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  • A West Virginia coal plant.
  • Ryan Stanton, Flickr.
  • Sustainable Energy

    Trump’s coal pandering plan would raise costs, undermine renewables

    Other power producers will immediately challenge the order.

    President Trump demanded today that the Department of Energy take immediate steps to prevent the closure of coal and nuclear plants, a dramatic intervention that will distort energy markets, raise consumer costs, and spark immediate legal challenges.

    Full details of the order haven’t emerged, but it appears the DOE will attempt to force grid operators to buy power from a specified list of plants for a two-year period in a purported effort to ensure grid security and reliability, according to a memo obtained by BloombergIt’s become increasingly difficult for coal and nuclear power plants to operate economically amid growing competition from low-cost natural-gas, wind, and solar facilities.

    The full impact of the measure will depend on how many power plants are involved, which isn’t yet clear. But requiring grid operators to buy power from high-priced sources pushes up total system costs, hitting residential and business customers in the wallet, says Joshua Rhodes, an energy researcher at the Energy Institute at the University of Texas at Austin. It also undermines the economics of otherwise more competitive plants, potentially reducing the profitability of renewables and discouraging additional development.

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    “It keeps older, less efficient assets in place that the markets are saying we don’t need,” Rhodes says.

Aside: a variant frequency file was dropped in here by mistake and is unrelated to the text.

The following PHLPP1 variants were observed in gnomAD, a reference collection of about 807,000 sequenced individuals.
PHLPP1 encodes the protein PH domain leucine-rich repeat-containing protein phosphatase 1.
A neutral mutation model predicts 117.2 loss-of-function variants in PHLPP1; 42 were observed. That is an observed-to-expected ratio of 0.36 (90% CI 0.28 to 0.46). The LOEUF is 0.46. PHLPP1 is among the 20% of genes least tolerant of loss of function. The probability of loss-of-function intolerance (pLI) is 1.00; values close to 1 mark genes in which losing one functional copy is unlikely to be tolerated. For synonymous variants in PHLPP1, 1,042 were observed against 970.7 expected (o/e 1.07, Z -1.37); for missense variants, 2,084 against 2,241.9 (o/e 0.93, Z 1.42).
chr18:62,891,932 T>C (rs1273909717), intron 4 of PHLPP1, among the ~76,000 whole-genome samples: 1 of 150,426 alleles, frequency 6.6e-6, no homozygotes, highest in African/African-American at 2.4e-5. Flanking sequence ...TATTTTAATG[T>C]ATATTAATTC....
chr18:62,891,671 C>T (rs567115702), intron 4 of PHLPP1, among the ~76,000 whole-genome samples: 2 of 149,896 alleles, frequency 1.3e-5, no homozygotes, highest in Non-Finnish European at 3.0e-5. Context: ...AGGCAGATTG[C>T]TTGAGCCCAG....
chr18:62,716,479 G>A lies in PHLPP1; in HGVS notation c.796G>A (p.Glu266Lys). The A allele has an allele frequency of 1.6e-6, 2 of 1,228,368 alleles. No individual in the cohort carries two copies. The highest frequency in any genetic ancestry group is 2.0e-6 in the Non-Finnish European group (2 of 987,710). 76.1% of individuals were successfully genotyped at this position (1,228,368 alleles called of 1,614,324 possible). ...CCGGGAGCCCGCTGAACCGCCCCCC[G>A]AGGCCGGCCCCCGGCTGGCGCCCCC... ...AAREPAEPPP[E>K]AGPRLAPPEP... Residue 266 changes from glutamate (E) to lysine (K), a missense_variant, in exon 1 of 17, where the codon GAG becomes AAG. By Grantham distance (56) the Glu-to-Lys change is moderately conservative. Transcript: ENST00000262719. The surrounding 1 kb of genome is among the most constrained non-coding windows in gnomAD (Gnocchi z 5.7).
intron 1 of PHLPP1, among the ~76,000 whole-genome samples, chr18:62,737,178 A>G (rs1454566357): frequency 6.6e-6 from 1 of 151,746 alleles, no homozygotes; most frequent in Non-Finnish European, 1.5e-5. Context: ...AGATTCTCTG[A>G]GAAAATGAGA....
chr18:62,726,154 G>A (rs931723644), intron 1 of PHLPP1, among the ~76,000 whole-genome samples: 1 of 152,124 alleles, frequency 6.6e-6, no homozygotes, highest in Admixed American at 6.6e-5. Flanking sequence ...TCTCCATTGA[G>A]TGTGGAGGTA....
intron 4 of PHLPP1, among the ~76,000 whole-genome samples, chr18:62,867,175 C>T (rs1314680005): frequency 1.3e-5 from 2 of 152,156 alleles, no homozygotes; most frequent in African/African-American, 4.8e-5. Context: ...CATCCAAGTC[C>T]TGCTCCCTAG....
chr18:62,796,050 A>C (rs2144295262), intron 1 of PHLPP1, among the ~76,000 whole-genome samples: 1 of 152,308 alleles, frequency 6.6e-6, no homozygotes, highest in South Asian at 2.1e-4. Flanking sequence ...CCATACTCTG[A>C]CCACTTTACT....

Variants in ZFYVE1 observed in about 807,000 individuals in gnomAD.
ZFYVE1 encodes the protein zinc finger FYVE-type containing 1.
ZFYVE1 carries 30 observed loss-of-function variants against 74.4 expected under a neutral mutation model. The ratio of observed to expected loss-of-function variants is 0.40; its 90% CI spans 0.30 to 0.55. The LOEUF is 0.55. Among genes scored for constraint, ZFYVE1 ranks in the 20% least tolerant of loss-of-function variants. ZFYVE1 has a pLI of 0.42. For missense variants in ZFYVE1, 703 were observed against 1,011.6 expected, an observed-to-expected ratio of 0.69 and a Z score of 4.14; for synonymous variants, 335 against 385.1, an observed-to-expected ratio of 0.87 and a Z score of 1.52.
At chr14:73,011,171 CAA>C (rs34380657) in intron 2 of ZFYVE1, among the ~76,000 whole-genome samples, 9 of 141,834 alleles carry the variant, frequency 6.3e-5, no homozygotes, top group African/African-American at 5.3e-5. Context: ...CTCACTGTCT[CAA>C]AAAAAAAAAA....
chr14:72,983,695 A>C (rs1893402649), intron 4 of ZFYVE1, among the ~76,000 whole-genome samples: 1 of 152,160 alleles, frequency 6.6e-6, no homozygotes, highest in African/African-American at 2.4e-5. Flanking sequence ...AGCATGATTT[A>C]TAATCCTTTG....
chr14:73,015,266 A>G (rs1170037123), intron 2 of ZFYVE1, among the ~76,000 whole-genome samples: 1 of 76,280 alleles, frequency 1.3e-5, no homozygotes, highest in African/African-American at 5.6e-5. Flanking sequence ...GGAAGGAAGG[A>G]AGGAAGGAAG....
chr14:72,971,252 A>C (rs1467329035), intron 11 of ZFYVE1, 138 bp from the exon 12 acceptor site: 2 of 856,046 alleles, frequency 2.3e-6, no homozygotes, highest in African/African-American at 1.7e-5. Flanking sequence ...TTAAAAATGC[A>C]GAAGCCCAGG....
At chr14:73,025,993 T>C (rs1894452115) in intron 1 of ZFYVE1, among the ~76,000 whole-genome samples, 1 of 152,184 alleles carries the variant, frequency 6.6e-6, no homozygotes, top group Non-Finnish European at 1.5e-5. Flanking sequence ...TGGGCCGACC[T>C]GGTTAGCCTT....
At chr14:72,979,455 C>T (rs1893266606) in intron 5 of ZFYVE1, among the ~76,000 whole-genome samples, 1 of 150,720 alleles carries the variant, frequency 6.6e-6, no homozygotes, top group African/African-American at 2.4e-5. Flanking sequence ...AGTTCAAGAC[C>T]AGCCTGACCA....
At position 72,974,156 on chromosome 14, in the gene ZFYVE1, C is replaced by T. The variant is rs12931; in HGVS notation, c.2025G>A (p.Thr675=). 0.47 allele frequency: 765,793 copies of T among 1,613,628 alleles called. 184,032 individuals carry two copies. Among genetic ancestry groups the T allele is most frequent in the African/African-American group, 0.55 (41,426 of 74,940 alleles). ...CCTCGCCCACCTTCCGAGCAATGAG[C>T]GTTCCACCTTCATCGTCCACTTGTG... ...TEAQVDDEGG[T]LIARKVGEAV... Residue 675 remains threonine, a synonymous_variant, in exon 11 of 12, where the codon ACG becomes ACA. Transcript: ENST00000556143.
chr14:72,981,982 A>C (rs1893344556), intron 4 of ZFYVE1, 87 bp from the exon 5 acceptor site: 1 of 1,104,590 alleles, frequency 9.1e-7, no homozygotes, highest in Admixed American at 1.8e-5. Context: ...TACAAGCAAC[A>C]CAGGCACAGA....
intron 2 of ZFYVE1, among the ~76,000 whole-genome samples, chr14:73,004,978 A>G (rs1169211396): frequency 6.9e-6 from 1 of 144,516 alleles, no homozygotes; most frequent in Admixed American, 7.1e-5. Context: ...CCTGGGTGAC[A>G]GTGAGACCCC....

The stated rationale for the order is a transparent cover for Trump’s true aim of propping up the struggling coal industry, as he’s promised to do throughout his campaign and presidency. The DOE’s own staff report last year found that grid reliability is improving, and both nuclear and coal plants were forced to shut down in the face of extreme weather last year.

    The move follows the administration’s earlier efforts to shore up the coal sector through a proposed Federal Energy Regulatory Commission rule, which the regulators rejected in January. It would have effectively subsidized plants that can stockpile more than 90 days’ worth of fuel, namely coal and nuclear facilities (see “Trump’s five biggest energy blunders in 2017”).

    In this case, the administration appears to be asserting authority for the move under a handful of laws, including the Defense Production Act, which was created to ensure access to resources necessary for national defense during wartime.  

    “They’re trying to argue that the whole is greater than the sum of its parts, which implicitly acknowledges there is no law on the books that allows DOE to do this,” says Ari Peskoe, director of the Electricity Law Initiative at Harvard.  “The legal justification for this is flimsy.”

    Peskoe says that competing electricity producers, trade groups, and environmental organizations will all challenge the order, both at the Federal Energy Regulatory Commission and in the United States court of appeals.

    Indeed, a broad coalition of energy interests, representing petroleum, natural-gas, solar, and wind businesses, quickly criticized the move.

    In a statement, Todd Snitchler of the American Petroleum Institute called the the administration’s plan “unprecedented and misguided.”



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